2022-2023 School Year Begins With More Emphasis on Student Guidelines


Jessica Gunther

Students have to fill out a “Tardy Slip” when they come in late.

Jessica Gunther, Editor-in-Chief

   Returning to school since the pandemic has proved challenging for students and staff, readjusting to normalcy and relearning etiquette for a school environment. Last year, many students were notorious for skipping, lingering in and vaping in the bathrooms, and using their phones excessively in class during instruction. This year, several guidelines are being implemented in and out of the classroom to try to prevent this. 

   “Last year was a tough year,” assistant principal Tori Maehara said. “We were all coming back to school after being out for much of the previous school year, and even the year before that. So there was a bit of re-acclimation to being in a school setting with a large number of students.”

   The policies being enforced reflect the difficulties of last year, and staff seeks to aid student learning by limiting distractions through regulation. An example of this is the “Digital Citizen” signs displayed in every classroom, which show the status of cell phone use set by the teacher. 

   “In every class, you should have one of those cell phone signs. And in every class, you’re signing in if you’re tardy. And then every class, you have your hall pass and those kinds of things,” principal Erika Beddoe Whitlock said. “If you think about it, we identified that there are three things happening in the school that are impeding kids from learning. One of those is kids being tardy to class. One of those is kids not being in class when they’re supposed to, like being in the halls and being in the bathroom, and vaping and doing things we’re not supposed to be doing during class. The third one was cell phones and electronic devices, and how those impact learning.”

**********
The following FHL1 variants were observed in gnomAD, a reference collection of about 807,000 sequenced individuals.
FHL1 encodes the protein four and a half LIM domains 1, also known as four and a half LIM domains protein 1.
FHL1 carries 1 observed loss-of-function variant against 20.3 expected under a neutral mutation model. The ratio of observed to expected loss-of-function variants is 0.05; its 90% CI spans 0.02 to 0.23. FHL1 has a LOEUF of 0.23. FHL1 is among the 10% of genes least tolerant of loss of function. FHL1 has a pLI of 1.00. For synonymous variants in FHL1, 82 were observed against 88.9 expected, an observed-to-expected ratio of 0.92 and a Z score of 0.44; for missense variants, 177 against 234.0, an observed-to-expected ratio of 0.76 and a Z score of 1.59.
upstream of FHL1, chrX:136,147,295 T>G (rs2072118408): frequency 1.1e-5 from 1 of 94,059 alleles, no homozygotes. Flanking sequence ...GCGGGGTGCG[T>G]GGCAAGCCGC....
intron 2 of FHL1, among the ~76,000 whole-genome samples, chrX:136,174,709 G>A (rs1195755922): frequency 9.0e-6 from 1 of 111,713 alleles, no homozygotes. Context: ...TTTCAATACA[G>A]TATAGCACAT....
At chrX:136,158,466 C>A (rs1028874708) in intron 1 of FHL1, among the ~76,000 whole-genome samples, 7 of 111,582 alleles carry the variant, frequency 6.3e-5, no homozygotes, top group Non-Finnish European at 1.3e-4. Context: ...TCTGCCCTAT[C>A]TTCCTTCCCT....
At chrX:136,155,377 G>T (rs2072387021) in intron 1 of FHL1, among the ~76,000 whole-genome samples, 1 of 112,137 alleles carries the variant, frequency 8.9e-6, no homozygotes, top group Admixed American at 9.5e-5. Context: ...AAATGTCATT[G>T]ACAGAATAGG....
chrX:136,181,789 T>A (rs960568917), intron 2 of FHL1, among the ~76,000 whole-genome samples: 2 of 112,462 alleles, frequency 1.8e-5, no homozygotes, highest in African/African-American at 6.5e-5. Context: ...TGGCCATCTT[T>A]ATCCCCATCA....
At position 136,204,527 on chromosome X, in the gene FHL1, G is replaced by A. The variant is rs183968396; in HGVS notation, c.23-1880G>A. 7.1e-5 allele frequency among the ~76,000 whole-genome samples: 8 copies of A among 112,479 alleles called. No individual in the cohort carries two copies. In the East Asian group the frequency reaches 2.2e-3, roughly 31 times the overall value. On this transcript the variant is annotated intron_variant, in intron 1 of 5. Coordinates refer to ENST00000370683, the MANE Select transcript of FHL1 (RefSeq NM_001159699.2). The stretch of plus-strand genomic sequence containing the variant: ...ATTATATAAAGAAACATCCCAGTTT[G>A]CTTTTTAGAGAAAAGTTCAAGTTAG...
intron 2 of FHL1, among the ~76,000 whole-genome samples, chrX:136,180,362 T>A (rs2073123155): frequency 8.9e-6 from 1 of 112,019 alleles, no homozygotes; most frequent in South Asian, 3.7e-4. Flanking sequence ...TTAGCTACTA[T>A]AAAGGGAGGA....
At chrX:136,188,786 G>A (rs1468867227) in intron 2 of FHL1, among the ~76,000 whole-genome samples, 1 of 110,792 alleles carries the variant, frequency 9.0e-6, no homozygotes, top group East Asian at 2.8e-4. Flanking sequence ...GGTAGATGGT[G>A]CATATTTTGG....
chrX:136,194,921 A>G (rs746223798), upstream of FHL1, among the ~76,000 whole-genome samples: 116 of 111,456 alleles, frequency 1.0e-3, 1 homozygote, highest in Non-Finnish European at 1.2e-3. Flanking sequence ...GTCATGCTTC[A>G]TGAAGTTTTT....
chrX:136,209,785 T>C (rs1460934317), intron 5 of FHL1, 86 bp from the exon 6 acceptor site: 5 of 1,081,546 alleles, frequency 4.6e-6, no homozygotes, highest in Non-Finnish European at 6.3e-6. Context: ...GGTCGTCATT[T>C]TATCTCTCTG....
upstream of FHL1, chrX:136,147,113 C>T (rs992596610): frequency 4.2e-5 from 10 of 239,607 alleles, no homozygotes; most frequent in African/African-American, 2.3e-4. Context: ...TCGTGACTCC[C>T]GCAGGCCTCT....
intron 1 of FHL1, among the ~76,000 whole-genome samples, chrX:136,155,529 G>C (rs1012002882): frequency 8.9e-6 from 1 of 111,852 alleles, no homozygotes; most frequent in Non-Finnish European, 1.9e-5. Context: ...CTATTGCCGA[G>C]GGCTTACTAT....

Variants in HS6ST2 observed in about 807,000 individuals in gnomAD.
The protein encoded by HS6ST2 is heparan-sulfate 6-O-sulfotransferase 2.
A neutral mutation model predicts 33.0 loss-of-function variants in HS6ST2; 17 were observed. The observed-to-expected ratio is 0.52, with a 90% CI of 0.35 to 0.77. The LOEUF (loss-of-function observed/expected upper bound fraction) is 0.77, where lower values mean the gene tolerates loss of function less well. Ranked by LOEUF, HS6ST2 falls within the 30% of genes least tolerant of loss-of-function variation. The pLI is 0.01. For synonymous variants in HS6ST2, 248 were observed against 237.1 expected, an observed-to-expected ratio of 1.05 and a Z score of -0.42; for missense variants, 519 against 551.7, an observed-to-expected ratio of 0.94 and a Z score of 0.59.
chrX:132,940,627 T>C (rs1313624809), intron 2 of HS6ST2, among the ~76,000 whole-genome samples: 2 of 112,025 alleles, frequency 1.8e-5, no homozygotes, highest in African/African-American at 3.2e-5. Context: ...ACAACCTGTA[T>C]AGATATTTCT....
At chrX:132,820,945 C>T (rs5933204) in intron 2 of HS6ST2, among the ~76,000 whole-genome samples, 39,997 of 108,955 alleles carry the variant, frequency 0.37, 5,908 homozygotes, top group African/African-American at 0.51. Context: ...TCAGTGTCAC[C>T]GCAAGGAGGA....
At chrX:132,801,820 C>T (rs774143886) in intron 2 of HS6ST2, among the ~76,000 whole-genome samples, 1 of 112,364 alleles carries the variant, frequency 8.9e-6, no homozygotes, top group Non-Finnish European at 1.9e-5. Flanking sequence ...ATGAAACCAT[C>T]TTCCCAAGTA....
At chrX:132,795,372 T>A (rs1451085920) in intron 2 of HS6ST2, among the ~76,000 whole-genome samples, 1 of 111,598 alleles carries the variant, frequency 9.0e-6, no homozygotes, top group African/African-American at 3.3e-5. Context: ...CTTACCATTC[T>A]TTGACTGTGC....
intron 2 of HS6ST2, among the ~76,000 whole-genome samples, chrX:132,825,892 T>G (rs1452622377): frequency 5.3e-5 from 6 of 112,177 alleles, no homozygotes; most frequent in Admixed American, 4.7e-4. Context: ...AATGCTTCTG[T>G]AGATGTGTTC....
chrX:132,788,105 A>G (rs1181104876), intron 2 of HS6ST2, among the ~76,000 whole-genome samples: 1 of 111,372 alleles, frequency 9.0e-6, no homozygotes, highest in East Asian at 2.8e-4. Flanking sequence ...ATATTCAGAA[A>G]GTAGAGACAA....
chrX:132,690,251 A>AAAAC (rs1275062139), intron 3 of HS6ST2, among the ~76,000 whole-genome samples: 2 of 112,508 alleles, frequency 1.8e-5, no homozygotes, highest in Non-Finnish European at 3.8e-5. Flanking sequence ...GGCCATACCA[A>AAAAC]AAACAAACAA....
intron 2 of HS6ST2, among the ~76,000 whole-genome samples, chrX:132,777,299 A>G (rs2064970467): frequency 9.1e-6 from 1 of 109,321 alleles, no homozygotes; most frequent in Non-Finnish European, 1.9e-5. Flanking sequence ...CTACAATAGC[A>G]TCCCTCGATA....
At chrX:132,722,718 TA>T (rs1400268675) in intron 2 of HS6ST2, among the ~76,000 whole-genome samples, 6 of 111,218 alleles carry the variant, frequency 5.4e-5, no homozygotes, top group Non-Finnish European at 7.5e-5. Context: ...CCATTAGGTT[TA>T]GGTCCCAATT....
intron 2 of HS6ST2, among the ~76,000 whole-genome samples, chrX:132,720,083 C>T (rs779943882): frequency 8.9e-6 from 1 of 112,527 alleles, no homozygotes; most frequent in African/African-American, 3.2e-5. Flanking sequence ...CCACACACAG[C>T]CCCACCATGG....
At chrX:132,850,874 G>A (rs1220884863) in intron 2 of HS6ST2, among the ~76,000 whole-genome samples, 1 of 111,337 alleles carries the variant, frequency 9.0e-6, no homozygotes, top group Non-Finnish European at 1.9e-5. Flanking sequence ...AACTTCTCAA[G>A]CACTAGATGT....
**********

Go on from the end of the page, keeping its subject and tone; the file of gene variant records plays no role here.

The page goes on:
With that being said, staff know that it’s “unrealistic” to have complete regulation over cell phones, and agree that there’s a time and place for technology in the classroom.

   “When we started to look at those things, we thought, okay, how can we figure out a way to incorporate this, or make the policies feasible?” Whitlock said. “One of the things that we were talking about [was that] we all use our cell phones. I have mine on me right now, and I’m checking it during my normal workday. So how do we incorporate cell phones in the classroom and not make students feel like it’s this horrible thing they can’t have, but figure out that there are times when it’s appropriate to use it, and there are times when it’s not appropriate. Like when I’m in a meeting with my boss, I’m not on my cell phone, right? We don’t tell kids ‘No, you can’t ever use your cell phones’ because that’s dumb. That’s not real. But it is real when we’re saying, hey, there are things that are more important that you need to have your phone put away, so it’s not distracting you, and then there are times when it’s appropriate to have it out.”

   Staff wants to emphasize that these guidelines are being enforced to benefit students and their overall school environment by giving “structure” and “a level of comfort and safety.”

   “I think moving towards having some norms in the building that help us know how we do things is really helpful,” English teacher Elizabeth Corum said. “I think it’s helpful for everybody because the purpose of coming here is so everybody can learn and feel safe and welcome. And I think the hope is to set some basics like attendance as a priority, getting to class as a priority, and treating our space well. This is a brand-new building, and I think we’re really lucky to have it. Hopefully, that helps us feel confident and successful as a school.”